Elizabeth Scripturient (the delinquent, ecumenical (hermionesviolin) wrote,
Elizabeth Scripturient (the delinquent, ecumenical

Inauguration '09 (links etc. edition)

After the Inauguration, I started poking at blogs, but I was busy that week, so I only read a smattering, and then I never really got back to it, so I'm dumping it for my own reference.


reiteration of link list:
* Rick Warren's invocation: transcript + video (boston.com)
* Elizabeth Alexander's inaugural poem (NYT)
* Obama's Inaugural Address (AP)
* Rev. Joseph E. Lowery's invocation (blog.suntimes.com).


Rick Warren's invocation: transcript + video (boston.com)

The boston.com piece mentions, "He recited the name of Jesus in Hebrew, Arabic and Spanish, as well as in English." which answers my question of "wtf 'Isa'?"

From an update:
Rabbi Howard A. Berman, of Boston Jewish Spirit, e-mailed the following note to his congregation:
[...] Despite our worst fears, his invocation was, in fact, remarkably appropriate, and as broad and embracing as it could have possibly been, given his evangelical beliefs. He referred to "Scripture", rather than using the more specific term, "Bible", and quoted the words of the Shema, "Hear O Israel, the Lord is our God, the Lord is One" as well as the opening phrase of the Koran, "O God who is merciful and compassionate..." He called for respect for all people, in the midst of disagreements. And most significantly, instead of concluding with the traditional phrase, "We ask this in Jesus' name...", he instead said "I ask this in the name of Jesus", which was personal and fitting, without excluding or disenfranchising those who do not pray in that manner. His further attempt at pluralism, in also using the Hebrew and Arabic versions of Jesus (Yeshua and Issa) certainly reflects his fundamental Christian belief that Jesus is Lord and Savior of all people - including Jews and Muslims... but could also have simply been intended to express a broader view of his own faith. [...]
My only disagreement is re: the "we ask this in Jesus' name," because NOT all the gathered "we" pray in the name of Jesus -- so it  would have felt much more honest etc. for him to say that he the speaker (i.e., saying "I ask") prays this.  Honestly, I don't pray in the name of Jesus.  I pray to God, the end.  Weirdly, I've never actually asked any of my clergy what "we ask this in the name of Your Son Jesus" or whatever actually means.  I literally do not understand the idea of asking for something in someone else's name.  I understand asking for something on behalf of someone else (like if I'm making a request on behalf of my boss), but that can't be the correct parsing here.

sk8eeyore commented, "I myself would have an extremely hard time offering prayer at such a public event and am not sure how I feel about it being done, precisely because I don't feel comfortable, or free, to offer/share in prayer that's not in the name of Jesus/Trinitarian."


ann1962 linked to a piece which described Elizabeth Alexander's poem as "a steady march of free verse iambic pentameter."  That explains why it felt mostly like prose to me.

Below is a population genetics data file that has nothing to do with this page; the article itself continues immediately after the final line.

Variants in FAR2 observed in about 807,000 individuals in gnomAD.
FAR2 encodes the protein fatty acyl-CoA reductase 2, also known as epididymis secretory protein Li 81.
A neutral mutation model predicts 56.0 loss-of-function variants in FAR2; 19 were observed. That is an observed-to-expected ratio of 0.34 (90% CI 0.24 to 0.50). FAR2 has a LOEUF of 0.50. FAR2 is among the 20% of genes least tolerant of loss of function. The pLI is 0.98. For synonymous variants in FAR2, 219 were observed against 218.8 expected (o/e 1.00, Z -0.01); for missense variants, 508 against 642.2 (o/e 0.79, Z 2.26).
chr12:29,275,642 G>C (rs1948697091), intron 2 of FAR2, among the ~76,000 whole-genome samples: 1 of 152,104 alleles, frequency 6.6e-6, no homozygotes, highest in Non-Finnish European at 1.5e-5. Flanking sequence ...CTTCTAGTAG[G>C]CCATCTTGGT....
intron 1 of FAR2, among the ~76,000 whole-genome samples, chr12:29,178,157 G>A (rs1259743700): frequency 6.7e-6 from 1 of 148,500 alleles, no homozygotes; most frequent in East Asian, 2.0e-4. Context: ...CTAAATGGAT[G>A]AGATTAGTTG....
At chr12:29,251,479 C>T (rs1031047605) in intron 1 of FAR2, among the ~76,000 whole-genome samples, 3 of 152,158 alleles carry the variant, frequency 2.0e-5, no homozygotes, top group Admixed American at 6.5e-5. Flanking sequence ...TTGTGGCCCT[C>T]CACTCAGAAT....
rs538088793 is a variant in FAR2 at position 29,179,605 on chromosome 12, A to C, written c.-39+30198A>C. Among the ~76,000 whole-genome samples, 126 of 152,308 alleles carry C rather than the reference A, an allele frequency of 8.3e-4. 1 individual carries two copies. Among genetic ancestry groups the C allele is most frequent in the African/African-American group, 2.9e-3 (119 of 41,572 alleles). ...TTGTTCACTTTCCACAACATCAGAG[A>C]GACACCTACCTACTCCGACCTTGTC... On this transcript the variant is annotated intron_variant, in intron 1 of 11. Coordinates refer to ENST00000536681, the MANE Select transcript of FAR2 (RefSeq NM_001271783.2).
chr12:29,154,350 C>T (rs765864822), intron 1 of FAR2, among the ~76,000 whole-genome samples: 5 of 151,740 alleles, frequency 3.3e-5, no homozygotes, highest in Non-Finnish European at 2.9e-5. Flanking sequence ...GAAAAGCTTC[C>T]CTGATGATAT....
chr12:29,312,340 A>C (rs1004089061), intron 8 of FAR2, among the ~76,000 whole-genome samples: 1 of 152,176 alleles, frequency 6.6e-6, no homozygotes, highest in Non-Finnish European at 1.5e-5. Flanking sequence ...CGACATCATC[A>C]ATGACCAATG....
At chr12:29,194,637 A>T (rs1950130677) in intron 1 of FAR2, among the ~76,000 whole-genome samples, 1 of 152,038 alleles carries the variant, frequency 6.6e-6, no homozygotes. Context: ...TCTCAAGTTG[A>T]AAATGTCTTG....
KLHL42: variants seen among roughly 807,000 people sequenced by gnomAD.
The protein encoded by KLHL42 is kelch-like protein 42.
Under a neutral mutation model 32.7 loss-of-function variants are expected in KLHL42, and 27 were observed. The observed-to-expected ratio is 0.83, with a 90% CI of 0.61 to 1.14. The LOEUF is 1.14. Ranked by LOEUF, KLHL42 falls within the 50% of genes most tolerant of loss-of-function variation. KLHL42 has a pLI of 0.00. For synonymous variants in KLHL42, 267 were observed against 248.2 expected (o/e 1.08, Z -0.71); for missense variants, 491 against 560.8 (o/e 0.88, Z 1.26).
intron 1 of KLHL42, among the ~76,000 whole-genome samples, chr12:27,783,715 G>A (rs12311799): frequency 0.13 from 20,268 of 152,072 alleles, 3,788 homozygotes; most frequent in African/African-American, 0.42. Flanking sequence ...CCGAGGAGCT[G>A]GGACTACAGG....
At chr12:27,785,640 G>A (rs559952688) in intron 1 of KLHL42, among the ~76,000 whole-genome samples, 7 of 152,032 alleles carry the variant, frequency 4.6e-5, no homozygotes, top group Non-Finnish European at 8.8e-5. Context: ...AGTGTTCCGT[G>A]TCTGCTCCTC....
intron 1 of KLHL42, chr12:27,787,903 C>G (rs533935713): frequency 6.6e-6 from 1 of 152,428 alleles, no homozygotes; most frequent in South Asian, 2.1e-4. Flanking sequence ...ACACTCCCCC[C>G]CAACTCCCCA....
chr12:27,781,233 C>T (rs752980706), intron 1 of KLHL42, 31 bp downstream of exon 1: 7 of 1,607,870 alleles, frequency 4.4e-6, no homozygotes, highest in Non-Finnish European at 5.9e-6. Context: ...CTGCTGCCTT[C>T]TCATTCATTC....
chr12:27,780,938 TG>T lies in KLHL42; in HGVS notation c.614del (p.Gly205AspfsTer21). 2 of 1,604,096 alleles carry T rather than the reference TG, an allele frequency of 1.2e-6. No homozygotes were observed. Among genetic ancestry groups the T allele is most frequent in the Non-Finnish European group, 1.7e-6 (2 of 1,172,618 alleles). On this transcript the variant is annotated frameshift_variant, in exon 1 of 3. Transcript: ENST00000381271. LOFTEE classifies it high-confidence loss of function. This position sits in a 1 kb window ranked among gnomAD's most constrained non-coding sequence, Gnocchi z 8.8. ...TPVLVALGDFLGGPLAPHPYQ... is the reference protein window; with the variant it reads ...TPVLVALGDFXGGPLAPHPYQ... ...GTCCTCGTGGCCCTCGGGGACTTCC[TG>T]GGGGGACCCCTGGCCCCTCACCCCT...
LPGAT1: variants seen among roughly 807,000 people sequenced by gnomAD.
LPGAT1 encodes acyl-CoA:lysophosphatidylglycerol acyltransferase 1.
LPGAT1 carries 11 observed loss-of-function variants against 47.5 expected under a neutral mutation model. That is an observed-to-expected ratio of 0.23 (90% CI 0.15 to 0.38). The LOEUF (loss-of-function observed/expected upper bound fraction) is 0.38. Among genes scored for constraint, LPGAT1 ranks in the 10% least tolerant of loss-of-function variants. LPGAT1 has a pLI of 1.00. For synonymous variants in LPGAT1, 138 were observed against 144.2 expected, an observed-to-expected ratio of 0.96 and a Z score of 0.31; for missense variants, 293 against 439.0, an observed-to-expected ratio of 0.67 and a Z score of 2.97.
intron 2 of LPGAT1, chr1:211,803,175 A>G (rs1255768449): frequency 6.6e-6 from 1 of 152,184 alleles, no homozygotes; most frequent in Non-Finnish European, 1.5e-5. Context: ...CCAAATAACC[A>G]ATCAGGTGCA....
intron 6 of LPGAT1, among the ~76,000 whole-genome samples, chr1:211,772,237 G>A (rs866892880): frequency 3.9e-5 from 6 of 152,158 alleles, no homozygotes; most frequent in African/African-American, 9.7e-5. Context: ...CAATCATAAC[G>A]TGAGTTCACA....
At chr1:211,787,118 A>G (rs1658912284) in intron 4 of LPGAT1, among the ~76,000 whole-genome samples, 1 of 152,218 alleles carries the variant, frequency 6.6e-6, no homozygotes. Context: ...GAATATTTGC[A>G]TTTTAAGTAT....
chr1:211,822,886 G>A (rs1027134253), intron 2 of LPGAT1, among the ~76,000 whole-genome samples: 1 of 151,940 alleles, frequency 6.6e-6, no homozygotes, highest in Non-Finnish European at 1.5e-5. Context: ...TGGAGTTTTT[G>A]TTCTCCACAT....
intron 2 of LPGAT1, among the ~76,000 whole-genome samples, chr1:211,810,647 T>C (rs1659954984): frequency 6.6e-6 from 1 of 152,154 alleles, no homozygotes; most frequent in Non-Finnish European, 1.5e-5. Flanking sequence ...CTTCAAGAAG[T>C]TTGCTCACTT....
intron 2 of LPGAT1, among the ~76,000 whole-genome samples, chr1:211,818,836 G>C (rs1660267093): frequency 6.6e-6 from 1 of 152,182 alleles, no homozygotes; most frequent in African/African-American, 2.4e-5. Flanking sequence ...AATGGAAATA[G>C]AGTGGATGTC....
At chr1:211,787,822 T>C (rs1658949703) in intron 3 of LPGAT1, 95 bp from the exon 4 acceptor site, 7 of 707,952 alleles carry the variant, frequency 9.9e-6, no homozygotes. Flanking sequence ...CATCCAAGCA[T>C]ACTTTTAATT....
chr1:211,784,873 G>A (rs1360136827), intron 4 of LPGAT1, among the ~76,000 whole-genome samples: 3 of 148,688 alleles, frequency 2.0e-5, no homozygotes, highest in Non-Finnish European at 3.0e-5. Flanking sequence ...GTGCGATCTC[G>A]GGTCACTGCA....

She also provided a NYT link to the full text of the poem, which I like better on reading it than I did upon hearing it.

Isabel explained the Smith connection -- "The poet was a former director of the Poetry Center and writer in residence. "

Will Wilkinson says:
12:28: Poem! Anything is better than Maya Angelou. Poem voice! We know all about poem voice here at the U of Iowa.

12:30: Not that much better than Maya Angelou.

12:31: No, not anything is better than Maya Angelou. Poetry demands an apology.
Wikipedia tells me that Maya Angelou was 1993 (when I was 10 years old) with "On the Pulse of Morning," which I am unimpressed by.

Megan McArdle offers an excerpt from Whitman's "Leaves of Grass" as a substitute.  A commenter links to a poem written right after the official one was delivered -- OUCH.


Obama's Inaugural Address (AP)

"We remain a young nation, but in the words of scripture, the time has come to set aside childish things."
    I loved this line a lot.

"The question we ask today is not whether our government is too big or too small, but whether it works"
    I approve.

Other good lines:

"As for our common defense, we reject as false the choice between our safety and our ideals."

"we will extend a hand if you are willing to unclench your fist."

Will Wilkinson said:
    12:17: It's not size that counts, but reach.

Megan McArdle:
I was disappointed by the beginning of his speech, which seems to have consisted of saying:  "There are no tradeoffs, and the people who tell you there are are just big fat HATERS, okay?"  He is delivering it beautifully, as he always does, but the words do not really say much about how we will weather the dark storm on the horizon.

The second half, on the other hand, is beautiful.  I do not know that glad embrace of the duties of citizenship, as well as the benefits, will fix our economy, but it might fix many other things that are wrong with our country.  If he means it.

The libertarians will hate it, I predict.  But voluntary embrace of duty is the health of a small state--it's when people won't care for the collective that the government starts making them do it.

lilisonna in jadelennox's LJ entry mentioned something from the benediction which I hadn't caught and I asked if there was a transcript 'cause I had been wholly unsuccessful in finding one, so thanks to lilisonna for this link.

The opening lifts from "Lift Evr'ry Voice and Sing" (which was adopted as the Black National Anthem), and the ending fro:m (per my dad):
    Get Back (Black, Brown and White)
    Big Bill Broonzy. Chicago, 8. November 1951

"Let all those who do justice and love mercy say amen."

Tags: issues: obama inauguration: 2009, religion, religion: language: in the name of

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